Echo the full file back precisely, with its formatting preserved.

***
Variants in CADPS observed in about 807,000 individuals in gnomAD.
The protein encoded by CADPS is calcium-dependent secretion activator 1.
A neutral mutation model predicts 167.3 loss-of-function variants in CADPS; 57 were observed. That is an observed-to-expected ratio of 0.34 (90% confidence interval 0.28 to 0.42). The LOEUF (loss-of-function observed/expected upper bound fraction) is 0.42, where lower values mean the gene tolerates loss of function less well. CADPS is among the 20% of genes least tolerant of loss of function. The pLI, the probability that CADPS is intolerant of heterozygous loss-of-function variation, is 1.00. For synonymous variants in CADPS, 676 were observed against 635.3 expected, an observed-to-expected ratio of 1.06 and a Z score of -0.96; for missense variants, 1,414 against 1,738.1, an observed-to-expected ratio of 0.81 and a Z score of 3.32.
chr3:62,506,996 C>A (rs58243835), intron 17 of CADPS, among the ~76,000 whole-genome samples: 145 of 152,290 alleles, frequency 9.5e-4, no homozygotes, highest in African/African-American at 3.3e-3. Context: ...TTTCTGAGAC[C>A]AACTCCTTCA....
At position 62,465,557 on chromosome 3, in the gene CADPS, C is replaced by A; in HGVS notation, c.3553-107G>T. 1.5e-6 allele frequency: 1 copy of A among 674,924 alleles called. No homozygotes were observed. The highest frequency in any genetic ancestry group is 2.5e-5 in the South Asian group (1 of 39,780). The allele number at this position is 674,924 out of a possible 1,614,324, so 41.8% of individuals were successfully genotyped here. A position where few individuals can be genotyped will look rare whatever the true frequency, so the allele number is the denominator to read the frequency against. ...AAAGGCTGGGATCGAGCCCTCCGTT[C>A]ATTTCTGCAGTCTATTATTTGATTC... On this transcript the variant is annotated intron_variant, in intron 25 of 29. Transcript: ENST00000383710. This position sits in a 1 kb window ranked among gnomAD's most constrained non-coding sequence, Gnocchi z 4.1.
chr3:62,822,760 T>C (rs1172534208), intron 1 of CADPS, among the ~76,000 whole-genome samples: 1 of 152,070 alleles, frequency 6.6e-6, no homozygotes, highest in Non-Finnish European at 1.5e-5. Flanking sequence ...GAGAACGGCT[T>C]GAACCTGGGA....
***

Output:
Variants in CADPS observed in about 807,000 individuals in gnomAD.
The protein encoded by CADPS is calcium-dependent secretion activator 1.
A neutral mutation model predicts 167.3 loss-of-function variants in CADPS; 57 were observed. That is an observed-to-expected ratio of 0.34 (90% confidence interval 0.28 to 0.42). The LOEUF (loss-of-function observed/expected upper bound fraction) is 0.42, where lower values mean the gene tolerates loss of function less well. CADPS is among the 20% of genes least tolerant of loss of function. The pLI, the probability that CADPS is intolerant of heterozygous loss-of-function variation, is 1.00. For synonymous variants in CADPS, 676 were observed against 635.3 expected, an observed-to-expected ratio of 1.06 and a Z score of -0.96; for missense variants, 1,414 against 1,738.1, an observed-to-expected ratio of 0.81 and a Z score of 3.32.
chr3:62,506,996 C>A (rs58243835), intron 17 of CADPS, among the ~76,000 whole-genome samples: 145 of 152,290 alleles, frequency 9.5e-4, no homozygotes, highest in African/African-American at 3.3e-3. Context: ...TTTCTGAGAC[C>A]AACTCCTTCA....
At position 62,465,557 on chromosome 3, in the gene CADPS, C is replaced by A; in HGVS notation, c.3553-107G>T. 1.5e-6 allele frequency: 1 copy of A among 674,924 alleles called. No homozygotes were observed. The highest frequency in any genetic ancestry group is 2.5e-5 in the South Asian group (1 of 39,780). The allele number at this position is 674,924 out of a possible 1,614,324, so 41.8% of individuals were successfully genotyped here. A position where few individuals can be genotyped will look rare whatever the true frequency, so the allele number is the denominator to read the frequency against. ...AAAGGCTGGGATCGAGCCCTCCGTT[C>A]ATTTCTGCAGTCTATTATTTGATTC... On this transcript the variant is annotated intron_variant, in intron 25 of 29. Transcript: ENST00000383710. This position sits in a 1 kb window ranked among gnomAD's most constrained non-coding sequence, Gnocchi z 4.1.
chr3:62,822,760 T>C (rs1172534208), intron 1 of CADPS, among the ~76,000 whole-genome samples: 1 of 152,070 alleles, frequency 6.6e-6, no homozygotes, highest in Non-Finnish European at 1.5e-5. Flanking sequence ...GAGAACGGCT[T>C]GAACCTGGGA....